Knowledge of the physical properties of objects is essential in a wide range of robotic manipulation scenarios. A robot may not always be aware of such properties prior to interaction. If an object is incorrectly assumed to be rigid, it may exhibit unpredictable behavior when grasped. In this paper, we use vision based observation of the behavior of an object a robot is interacting with and use it as the basis for estimation of its elastic deformability. This is estimated in a local region around the interaction point using a physics simulator. We use optical flow to estimate the parameters of a position-based dynamics simulation using meshless shape matching (MSM). MSM has been widely used in computer graphics due to its computational efficiency, which is also important for closed-loop control in robotics. In a controlled experiment we demonstrate that our method can qualitatively estimate the physical properties of objects with different degrees of deformability.

  • 2.
    Pieropan, Alessandro
    KTH, School of Computer Science and Communication (CSC), Computer Vision and Active Perception, CVAP.
    Action Recognition for Robot Learning2015Doctoral thesis, comprehensive summary (Other academic)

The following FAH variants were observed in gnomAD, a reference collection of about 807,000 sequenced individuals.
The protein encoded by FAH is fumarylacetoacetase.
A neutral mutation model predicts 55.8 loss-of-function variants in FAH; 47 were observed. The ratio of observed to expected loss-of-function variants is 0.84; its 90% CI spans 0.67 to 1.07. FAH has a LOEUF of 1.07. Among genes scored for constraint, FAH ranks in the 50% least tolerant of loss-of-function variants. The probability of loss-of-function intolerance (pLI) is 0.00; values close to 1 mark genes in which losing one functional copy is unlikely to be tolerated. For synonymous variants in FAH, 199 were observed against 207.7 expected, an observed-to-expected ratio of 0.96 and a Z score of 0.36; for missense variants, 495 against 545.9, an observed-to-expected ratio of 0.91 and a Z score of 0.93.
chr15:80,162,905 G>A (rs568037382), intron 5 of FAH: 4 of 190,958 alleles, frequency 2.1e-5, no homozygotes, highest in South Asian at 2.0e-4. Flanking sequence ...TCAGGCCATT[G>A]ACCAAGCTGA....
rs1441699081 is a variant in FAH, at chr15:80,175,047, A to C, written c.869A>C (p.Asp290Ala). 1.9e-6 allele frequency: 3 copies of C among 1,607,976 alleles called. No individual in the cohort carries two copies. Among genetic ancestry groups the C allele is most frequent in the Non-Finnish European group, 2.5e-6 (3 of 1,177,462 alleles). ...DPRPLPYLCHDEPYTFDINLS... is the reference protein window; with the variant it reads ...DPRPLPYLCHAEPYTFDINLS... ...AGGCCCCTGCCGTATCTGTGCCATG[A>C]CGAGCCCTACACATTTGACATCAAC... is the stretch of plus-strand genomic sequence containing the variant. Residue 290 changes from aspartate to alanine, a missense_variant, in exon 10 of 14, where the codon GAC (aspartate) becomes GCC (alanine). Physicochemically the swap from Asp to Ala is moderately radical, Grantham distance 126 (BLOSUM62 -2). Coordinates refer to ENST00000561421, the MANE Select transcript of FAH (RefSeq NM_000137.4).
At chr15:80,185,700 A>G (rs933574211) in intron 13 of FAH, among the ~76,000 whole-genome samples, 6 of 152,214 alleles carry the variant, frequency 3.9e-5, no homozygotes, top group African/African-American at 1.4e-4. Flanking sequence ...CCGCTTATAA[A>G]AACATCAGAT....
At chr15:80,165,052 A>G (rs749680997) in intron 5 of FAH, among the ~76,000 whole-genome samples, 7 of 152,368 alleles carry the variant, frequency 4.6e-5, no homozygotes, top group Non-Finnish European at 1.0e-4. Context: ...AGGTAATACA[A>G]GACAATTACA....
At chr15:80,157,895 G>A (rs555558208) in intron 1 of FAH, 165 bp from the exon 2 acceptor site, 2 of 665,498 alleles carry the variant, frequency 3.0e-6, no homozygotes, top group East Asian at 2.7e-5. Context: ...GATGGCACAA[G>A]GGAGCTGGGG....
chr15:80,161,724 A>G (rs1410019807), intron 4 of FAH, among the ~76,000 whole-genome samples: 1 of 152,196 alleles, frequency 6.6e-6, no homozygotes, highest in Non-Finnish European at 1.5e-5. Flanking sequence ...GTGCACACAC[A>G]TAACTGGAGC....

Abstract [en]

    This thesis builds on the observation that robots cannot be programmed to handle any possible situation in the world. Like humans, they need mechanisms to deal with previously unseen situations and unknown objects. One of the skills humans rely on to deal with the unknown is the ability to learn by observing others. This thesis addresses the challenge of enabling a robot to learn from a human instructor. In particular, it is focused on objects. How can a robot find previously unseen objects? How can it track the object with its gaze? How can the object be employed in activities? Throughout this thesis, these questions are addressed with the end goal of allowing a robot to observe a human instructor and learn how to perform an activity. The robot is assumed to know very little about the world and it is supposed to discover objects autonomously. Given a visual input, object hypotheses are formulated by leveraging on common contextual knowledge often used by humans (e.g. gravity, compactness, convexity). Moreover, unknown objects are tracked and their appearance is updated over time since only a small fraction of the object is visible from the robot initially. Finally, object functionality is inferred by looking how the human instructor is manipulating objects and how objects are used in relation to others. All the methods included in this thesis have been evaluated on datasets that are publicly available or that we collected, showing the importance of these learning abilities.

  • 3.
    Pieropan, Alessandro
    et al.
    KTH, School of Computer Science and Communication (CSC), Computer Vision and Active Perception, CVAP.
    Bergstroem, Niklas
    Ishikawa, Masatoshi
    Kjellström, Hedvig
    KTH, School of Computer Science and Communication (CSC), Computer Vision and Active Perception, CVAP.